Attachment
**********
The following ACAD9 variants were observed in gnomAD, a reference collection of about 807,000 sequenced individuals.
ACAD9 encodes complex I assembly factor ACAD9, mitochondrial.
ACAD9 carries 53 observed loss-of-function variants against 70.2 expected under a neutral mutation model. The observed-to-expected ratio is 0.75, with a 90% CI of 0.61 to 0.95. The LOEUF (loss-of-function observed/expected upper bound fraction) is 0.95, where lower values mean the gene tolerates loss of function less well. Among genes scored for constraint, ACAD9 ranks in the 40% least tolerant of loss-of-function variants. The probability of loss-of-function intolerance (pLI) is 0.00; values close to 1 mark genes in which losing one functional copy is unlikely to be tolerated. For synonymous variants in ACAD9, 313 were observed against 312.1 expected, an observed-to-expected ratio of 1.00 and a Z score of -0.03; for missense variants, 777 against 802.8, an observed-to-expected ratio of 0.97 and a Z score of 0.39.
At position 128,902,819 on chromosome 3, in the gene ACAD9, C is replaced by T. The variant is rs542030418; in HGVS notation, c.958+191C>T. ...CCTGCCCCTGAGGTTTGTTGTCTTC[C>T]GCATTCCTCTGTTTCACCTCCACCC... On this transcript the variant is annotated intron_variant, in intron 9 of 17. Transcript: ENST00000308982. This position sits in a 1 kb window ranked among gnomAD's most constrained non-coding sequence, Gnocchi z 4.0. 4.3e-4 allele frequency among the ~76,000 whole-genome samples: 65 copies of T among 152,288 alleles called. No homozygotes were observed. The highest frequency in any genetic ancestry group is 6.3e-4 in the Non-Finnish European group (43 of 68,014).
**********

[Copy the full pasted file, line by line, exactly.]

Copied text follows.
The following ACAD9 variants were observed in gnomAD, a reference collection of about 807,000 sequenced individuals.
ACAD9 encodes complex I assembly factor ACAD9, mitochondrial.
ACAD9 carries 53 observed loss-of-function variants against 70.2 expected under a neutral mutation model. The observed-to-expected ratio is 0.75, with a 90% CI of 0.61 to 0.95. The LOEUF (loss-of-function observed/expected upper bound fraction) is 0.95, where lower values mean the gene tolerates loss of function less well. Among genes scored for constraint, ACAD9 ranks in the 40% least tolerant of loss-of-function variants. The probability of loss-of-function intolerance (pLI) is 0.00; values close to 1 mark genes in which losing one functional copy is unlikely to be tolerated. For synonymous variants in ACAD9, 313 were observed against 312.1 expected, an observed-to-expected ratio of 1.00 and a Z score of -0.03; for missense variants, 777 against 802.8, an observed-to-expected ratio of 0.97 and a Z score of 0.39.
At position 128,902,819 on chromosome 3, in the gene ACAD9, C is replaced by T. The variant is rs542030418; in HGVS notation, c.958+191C>T. ...CCTGCCCCTGAGGTTTGTTGTCTTC[C>T]GCATTCCTCTGTTTCACCTCCACCC... On this transcript the variant is annotated intron_variant, in intron 9 of 17. Transcript: ENST00000308982. This position sits in a 1 kb window ranked among gnomAD's most constrained non-coding sequence, Gnocchi z 4.0. 4.3e-4 allele frequency among the ~76,000 whole-genome samples: 65 copies of T among 152,288 alleles called. No homozygotes were observed. The highest frequency in any genetic ancestry group is 6.3e-4 in the Non-Finnish European group (43 of 68,014).